If a university doesn't currently sponsor a half marathon, it should! The Rutgers Unite Half Marathon was an event particularly meaningful to Rutgers students and alumni, and seeing the streets draped in scarlet was enough to inspire any finisher, regardless of school loyalty.
The race expo was held from 9 am to 4 pm on the Saturday before the race at the Sonny Werblin Recreation Center on the Rutgers University campus. For an added $18 runners could choose to pick up their race packets on the morning of the half marathon. Since we flew in the morning before the race, we swung by packet pickup on our way back from Newark airport. Of note to future runners of this race, this year's event was held on the same day as Open House for future Rutgers students, and we rolled onto campus as Open House was beginning. As a result, we sat in some traffic. Friends who visited the expo later in the day had no problems entering or exiting the rec center, so we recommend going a little later. With that being said, arriving early ensured that we scored some great deals, got some free stuff, and enjoyed a quick massage without having to wait in line.
Runners who arrived at the expo knowing their bib numbers were sent directly to packet pickup, where the 6,000 bibs were evenly distributed across thirty volunteers. A clear drawstring backpack was provided to hold our bibs, gender specific technical shirts, and advertisements for local races and event vendors. The shirts for this race may be the best we've ever gotten, particularly the women's shirts. In fact, they're so great, they'll make you wish you were a Rutgers grad or student!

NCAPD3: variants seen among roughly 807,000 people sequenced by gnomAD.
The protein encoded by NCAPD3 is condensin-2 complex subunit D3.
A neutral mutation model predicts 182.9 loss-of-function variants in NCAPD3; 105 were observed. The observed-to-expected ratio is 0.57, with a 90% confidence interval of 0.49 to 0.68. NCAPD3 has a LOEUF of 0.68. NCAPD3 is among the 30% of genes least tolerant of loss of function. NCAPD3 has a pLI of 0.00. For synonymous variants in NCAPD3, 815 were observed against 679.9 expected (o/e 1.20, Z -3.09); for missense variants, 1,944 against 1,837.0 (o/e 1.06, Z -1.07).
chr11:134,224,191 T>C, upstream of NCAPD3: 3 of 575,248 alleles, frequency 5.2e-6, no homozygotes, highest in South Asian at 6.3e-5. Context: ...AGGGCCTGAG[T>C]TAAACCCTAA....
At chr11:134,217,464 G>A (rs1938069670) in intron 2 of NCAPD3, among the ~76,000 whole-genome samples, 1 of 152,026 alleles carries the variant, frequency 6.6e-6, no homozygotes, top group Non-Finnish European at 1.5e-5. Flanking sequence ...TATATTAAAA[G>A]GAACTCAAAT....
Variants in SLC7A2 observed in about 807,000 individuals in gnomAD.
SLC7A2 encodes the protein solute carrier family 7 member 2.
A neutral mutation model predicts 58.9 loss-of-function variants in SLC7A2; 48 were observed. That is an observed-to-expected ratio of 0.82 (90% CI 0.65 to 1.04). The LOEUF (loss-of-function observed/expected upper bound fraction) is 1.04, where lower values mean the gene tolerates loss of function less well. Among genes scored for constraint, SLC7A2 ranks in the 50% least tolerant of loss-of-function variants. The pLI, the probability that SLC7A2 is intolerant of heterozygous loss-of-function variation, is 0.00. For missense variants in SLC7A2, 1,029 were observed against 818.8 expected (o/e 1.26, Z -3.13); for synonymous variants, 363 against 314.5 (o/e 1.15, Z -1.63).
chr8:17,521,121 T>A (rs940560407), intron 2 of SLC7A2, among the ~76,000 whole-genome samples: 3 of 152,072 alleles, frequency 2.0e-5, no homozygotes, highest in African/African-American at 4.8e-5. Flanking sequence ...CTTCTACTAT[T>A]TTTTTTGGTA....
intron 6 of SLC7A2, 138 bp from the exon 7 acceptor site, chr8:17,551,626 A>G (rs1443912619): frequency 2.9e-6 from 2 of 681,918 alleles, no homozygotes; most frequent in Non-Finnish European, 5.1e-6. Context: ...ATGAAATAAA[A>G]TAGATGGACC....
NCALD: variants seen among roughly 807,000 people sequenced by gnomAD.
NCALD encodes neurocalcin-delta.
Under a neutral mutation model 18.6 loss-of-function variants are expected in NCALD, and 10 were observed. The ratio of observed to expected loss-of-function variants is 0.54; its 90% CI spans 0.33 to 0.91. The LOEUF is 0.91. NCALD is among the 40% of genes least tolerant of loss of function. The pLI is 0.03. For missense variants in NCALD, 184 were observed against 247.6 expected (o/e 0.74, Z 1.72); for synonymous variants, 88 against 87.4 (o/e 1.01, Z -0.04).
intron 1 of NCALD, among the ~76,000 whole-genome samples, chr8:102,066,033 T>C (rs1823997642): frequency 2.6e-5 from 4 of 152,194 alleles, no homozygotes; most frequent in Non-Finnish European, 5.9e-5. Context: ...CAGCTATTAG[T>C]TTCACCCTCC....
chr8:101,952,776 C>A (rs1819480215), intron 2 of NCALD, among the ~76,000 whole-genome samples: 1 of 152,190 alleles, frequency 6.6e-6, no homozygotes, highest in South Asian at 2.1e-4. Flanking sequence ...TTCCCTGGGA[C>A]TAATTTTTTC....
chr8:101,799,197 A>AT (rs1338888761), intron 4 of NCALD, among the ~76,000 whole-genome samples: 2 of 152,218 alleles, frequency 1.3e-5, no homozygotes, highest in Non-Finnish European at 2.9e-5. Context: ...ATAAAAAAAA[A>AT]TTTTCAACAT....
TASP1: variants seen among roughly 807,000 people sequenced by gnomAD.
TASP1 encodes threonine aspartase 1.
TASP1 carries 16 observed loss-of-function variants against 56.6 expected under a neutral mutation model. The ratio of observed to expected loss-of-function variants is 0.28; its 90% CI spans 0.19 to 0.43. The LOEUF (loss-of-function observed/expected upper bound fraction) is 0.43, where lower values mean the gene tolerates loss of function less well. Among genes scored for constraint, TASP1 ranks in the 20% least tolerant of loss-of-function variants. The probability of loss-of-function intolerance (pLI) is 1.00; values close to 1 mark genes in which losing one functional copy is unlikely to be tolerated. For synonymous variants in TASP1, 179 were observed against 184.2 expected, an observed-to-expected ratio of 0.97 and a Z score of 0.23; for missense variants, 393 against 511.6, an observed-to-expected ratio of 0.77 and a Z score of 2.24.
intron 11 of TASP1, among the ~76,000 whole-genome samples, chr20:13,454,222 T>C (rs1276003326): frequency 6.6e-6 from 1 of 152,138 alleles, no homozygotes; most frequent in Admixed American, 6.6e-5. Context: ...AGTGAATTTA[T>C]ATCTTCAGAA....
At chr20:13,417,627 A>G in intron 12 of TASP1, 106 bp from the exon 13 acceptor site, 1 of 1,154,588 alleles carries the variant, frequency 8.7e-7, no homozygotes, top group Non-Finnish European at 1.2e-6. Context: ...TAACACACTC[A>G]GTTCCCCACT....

Within seconds we had our race packets and were free to browse the rest of the expo at our leisure. This was not a massive expo by any means, but it felt like the vendors that were there were the ones who really counted. Emergen-C, Nuun, Mama Chia, and Agua Enerviva were all offering free samples to attendees. A local running store was selling discounted running gear, so we snapped up the deal of the day, a pair of Nike Flash tights for 50% off (though two Nuuns for $10 and a free water bottle wasn't bad either). We left the expo already feeling satisfied with our decision to run the Rutgers Unite Half Marathon.
If you've got friends in the Rutgers University dorms, this is the ideal place to stay the night before the race, as the course winds through the Rutgers University Campus.
If you're over 21 and don't have any student dorms at which to crash, the closest hotels to the Rutgers campus are the Hyatt Regency New Brunswick and The Helrich Hotel. Both of these are nearly a 5K from the race start, so you'll still have to do some driving on race morning.
Places to Eat
If you've never heard of the legendary Grease Trucks, you're not from NJ nor do you watch the Food Network. These food trucks are a favorite eating spot for college kids after a long night out, and are dispersed all across the different Rutgers campuses. A meal from the Grease Trucks is ideal post-run, especially if you're looking to replenish all your burned calories, and then some.
Downtown New Brunswick, home to the RU campus, has an array of dining options. If you are an adventurous eater there plenty of ethnic restaurants to try, ranging from Ethiopian to Indian to Mediterranean.